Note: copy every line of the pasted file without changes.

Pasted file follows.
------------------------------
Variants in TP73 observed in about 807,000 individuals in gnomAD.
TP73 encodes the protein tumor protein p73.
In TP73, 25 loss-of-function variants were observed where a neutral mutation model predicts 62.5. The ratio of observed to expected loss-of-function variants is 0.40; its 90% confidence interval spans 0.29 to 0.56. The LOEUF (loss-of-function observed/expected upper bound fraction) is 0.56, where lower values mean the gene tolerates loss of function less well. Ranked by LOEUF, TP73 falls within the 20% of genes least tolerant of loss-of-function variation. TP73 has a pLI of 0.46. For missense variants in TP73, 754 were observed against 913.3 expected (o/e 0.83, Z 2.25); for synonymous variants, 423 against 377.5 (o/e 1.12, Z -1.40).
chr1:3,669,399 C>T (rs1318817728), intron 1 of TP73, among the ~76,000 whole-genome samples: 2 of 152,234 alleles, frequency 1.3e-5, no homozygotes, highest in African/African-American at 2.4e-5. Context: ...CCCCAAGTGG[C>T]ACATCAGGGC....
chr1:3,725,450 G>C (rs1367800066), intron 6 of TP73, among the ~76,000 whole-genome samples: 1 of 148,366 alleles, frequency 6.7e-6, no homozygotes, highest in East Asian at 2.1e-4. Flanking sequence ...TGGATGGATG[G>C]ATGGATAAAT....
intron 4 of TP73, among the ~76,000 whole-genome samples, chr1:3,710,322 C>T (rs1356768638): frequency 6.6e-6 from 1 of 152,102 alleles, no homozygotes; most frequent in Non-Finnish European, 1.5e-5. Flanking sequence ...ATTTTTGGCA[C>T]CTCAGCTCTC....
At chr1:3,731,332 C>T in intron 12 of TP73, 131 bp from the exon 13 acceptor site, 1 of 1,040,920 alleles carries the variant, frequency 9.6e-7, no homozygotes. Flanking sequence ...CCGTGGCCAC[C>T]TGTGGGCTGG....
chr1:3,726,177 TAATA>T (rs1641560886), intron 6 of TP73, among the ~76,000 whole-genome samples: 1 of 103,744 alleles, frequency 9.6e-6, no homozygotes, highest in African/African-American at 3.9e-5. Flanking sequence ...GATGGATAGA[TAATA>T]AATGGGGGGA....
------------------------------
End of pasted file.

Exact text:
Variants in TP73 observed in about 807,000 individuals in gnomAD.
TP73 encodes the protein tumor protein p73.
In TP73, 25 loss-of-function variants were observed where a neutral mutation model predicts 62.5. The ratio of observed to expected loss-of-function variants is 0.40; its 90% confidence interval spans 0.29 to 0.56. The LOEUF (loss-of-function observed/expected upper bound fraction) is 0.56, where lower values mean the gene tolerates loss of function less well. Ranked by LOEUF, TP73 falls within the 20% of genes least tolerant of loss-of-function variation. TP73 has a pLI of 0.46. For missense variants in TP73, 754 were observed against 913.3 expected (o/e 0.83, Z 2.25); for synonymous variants, 423 against 377.5 (o/e 1.12, Z -1.40).
chr1:3,669,399 C>T (rs1318817728), intron 1 of TP73, among the ~76,000 whole-genome samples: 2 of 152,234 alleles, frequency 1.3e-5, no homozygotes, highest in African/African-American at 2.4e-5. Context: ...CCCCAAGTGG[C>T]ACATCAGGGC....
chr1:3,725,450 G>C (rs1367800066), intron 6 of TP73, among the ~76,000 whole-genome samples: 1 of 148,366 alleles, frequency 6.7e-6, no homozygotes, highest in East Asian at 2.1e-4. Flanking sequence ...TGGATGGATG[G>C]ATGGATAAAT....
intron 4 of TP73, among the ~76,000 whole-genome samples, chr1:3,710,322 C>T (rs1356768638): frequency 6.6e-6 from 1 of 152,102 alleles, no homozygotes; most frequent in Non-Finnish European, 1.5e-5. Flanking sequence ...ATTTTTGGCA[C>T]CTCAGCTCTC....
At chr1:3,731,332 C>T in intron 12 of TP73, 131 bp from the exon 13 acceptor site, 1 of 1,040,920 alleles carries the variant, frequency 9.6e-7, no homozygotes. Flanking sequence ...CCGTGGCCAC[C>T]TGTGGGCTGG....
chr1:3,726,177 TAATA>T (rs1641560886), intron 6 of TP73, among the ~76,000 whole-genome samples: 1 of 103,744 alleles, frequency 9.6e-6, no homozygotes, highest in African/African-American at 3.9e-5. Flanking sequence ...GATGGATAGA[TAATA>T]AATGGGGGGA....